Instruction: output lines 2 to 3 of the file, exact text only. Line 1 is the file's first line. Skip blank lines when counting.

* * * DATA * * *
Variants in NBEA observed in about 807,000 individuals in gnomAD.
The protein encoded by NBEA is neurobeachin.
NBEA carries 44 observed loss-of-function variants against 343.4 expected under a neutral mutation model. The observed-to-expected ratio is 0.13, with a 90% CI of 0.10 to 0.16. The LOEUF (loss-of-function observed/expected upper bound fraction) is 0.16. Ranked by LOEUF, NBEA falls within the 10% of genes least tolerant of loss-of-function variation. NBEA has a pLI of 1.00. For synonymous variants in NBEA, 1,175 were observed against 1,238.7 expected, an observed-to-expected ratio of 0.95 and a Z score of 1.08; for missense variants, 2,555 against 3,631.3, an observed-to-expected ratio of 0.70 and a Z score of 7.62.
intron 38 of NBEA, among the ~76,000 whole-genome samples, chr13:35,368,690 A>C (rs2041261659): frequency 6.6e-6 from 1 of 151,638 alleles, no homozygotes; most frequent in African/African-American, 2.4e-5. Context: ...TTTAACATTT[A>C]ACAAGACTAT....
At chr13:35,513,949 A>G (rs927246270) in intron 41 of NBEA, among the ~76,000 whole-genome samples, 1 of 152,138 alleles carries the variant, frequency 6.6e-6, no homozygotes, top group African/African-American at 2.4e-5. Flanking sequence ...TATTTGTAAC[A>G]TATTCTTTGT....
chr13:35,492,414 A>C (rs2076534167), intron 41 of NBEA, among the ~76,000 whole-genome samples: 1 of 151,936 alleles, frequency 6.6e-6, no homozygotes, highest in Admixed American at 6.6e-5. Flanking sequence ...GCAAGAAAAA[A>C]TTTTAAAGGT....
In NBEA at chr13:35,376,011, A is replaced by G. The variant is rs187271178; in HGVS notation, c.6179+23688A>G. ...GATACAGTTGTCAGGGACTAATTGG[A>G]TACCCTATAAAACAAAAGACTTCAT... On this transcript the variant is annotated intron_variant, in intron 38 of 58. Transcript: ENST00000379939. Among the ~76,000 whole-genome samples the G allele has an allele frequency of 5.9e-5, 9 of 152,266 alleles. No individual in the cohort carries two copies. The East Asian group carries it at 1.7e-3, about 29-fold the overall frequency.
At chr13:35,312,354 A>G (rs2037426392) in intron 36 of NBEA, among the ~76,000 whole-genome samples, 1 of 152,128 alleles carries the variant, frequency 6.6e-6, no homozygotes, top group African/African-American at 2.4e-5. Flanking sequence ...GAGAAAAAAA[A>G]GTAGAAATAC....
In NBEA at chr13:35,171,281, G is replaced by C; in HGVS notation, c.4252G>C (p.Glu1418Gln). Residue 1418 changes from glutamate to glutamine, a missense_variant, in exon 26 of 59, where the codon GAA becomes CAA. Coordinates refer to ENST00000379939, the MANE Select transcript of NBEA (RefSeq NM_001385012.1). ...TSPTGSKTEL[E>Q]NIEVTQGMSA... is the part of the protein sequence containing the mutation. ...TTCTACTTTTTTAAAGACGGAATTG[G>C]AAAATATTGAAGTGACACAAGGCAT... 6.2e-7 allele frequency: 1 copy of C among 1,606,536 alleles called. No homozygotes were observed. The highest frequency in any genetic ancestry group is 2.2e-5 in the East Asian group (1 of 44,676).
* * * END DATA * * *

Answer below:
The protein encoded by NBEA is neurobeachin.
NBEA carries 44 observed loss-of-function variants against 343.4 expected under a neutral mutation model. The observed-to-expected ratio is 0.13, with a 90% CI of 0.10 to 0.16. The LOEUF (loss-of-function observed/expected upper bound fraction) is 0.16. Ranked by LOEUF, NBEA falls within the 10% of genes least tolerant of loss-of-function variation. NBEA has a pLI of 1.00. For synonymous variants in NBEA, 1,175 were observed against 1,238.7 expected, an observed-to-expected ratio of 0.95 and a Z score of 1.08; for missense variants, 2,555 against 3,631.3, an observed-to-expected ratio of 0.70 and a Z score of 7.62.